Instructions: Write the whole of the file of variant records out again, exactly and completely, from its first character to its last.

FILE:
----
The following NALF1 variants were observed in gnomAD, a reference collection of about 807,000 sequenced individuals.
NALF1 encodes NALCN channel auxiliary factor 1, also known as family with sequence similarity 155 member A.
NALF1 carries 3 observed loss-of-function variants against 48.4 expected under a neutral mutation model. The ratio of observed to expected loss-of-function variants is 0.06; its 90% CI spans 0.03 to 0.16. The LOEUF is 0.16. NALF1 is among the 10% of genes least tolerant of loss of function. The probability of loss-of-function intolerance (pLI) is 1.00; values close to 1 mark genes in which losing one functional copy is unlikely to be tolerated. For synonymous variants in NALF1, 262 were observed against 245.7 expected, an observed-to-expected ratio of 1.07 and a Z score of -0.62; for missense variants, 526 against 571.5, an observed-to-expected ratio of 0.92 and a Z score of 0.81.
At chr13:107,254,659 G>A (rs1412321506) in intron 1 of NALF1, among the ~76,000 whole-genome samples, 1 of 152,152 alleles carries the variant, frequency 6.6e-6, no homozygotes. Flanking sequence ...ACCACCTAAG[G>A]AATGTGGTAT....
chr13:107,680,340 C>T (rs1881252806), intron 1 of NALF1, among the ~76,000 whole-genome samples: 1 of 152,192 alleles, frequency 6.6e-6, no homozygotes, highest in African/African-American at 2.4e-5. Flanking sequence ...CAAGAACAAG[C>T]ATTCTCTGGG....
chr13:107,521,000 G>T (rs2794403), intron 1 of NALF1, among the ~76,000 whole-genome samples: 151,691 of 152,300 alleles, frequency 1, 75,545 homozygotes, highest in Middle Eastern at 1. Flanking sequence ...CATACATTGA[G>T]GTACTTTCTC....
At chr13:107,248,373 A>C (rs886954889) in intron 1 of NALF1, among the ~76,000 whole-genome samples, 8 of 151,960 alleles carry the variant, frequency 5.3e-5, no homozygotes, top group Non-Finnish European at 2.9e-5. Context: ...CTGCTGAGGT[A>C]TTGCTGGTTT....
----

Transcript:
The following NALF1 variants were observed in gnomAD, a reference collection of about 807,000 sequenced individuals.
NALF1 encodes NALCN channel auxiliary factor 1, also known as family with sequence similarity 155 member A.
NALF1 carries 3 observed loss-of-function variants against 48.4 expected under a neutral mutation model. The ratio of observed to expected loss-of-function variants is 0.06; its 90% CI spans 0.03 to 0.16. The LOEUF is 0.16. NALF1 is among the 10% of genes least tolerant of loss of function. The probability of loss-of-function intolerance (pLI) is 1.00; values close to 1 mark genes in which losing one functional copy is unlikely to be tolerated. For synonymous variants in NALF1, 262 were observed against 245.7 expected, an observed-to-expected ratio of 1.07 and a Z score of -0.62; for missense variants, 526 against 571.5, an observed-to-expected ratio of 0.92 and a Z score of 0.81.
At chr13:107,254,659 G>A (rs1412321506) in intron 1 of NALF1, among the ~76,000 whole-genome samples, 1 of 152,152 alleles carries the variant, frequency 6.6e-6, no homozygotes. Flanking sequence ...ACCACCTAAG[G>A]AATGTGGTAT....
chr13:107,680,340 C>T (rs1881252806), intron 1 of NALF1, among the ~76,000 whole-genome samples: 1 of 152,192 alleles, frequency 6.6e-6, no homozygotes, highest in African/African-American at 2.4e-5. Flanking sequence ...CAAGAACAAG[C>T]ATTCTCTGGG....
chr13:107,521,000 G>T (rs2794403), intron 1 of NALF1, among the ~76,000 whole-genome samples: 151,691 of 152,300 alleles, frequency 1, 75,545 homozygotes, highest in Middle Eastern at 1. Flanking sequence ...CATACATTGA[G>T]GTACTTTCTC....
At chr13:107,248,373 A>C (rs886954889) in intron 1 of NALF1, among the ~76,000 whole-genome samples, 8 of 151,960 alleles carry the variant, frequency 5.3e-5, no homozygotes, top group Non-Finnish European at 2.9e-5. Context: ...CTGCTGAGGT[A>C]TTGCTGGTTT....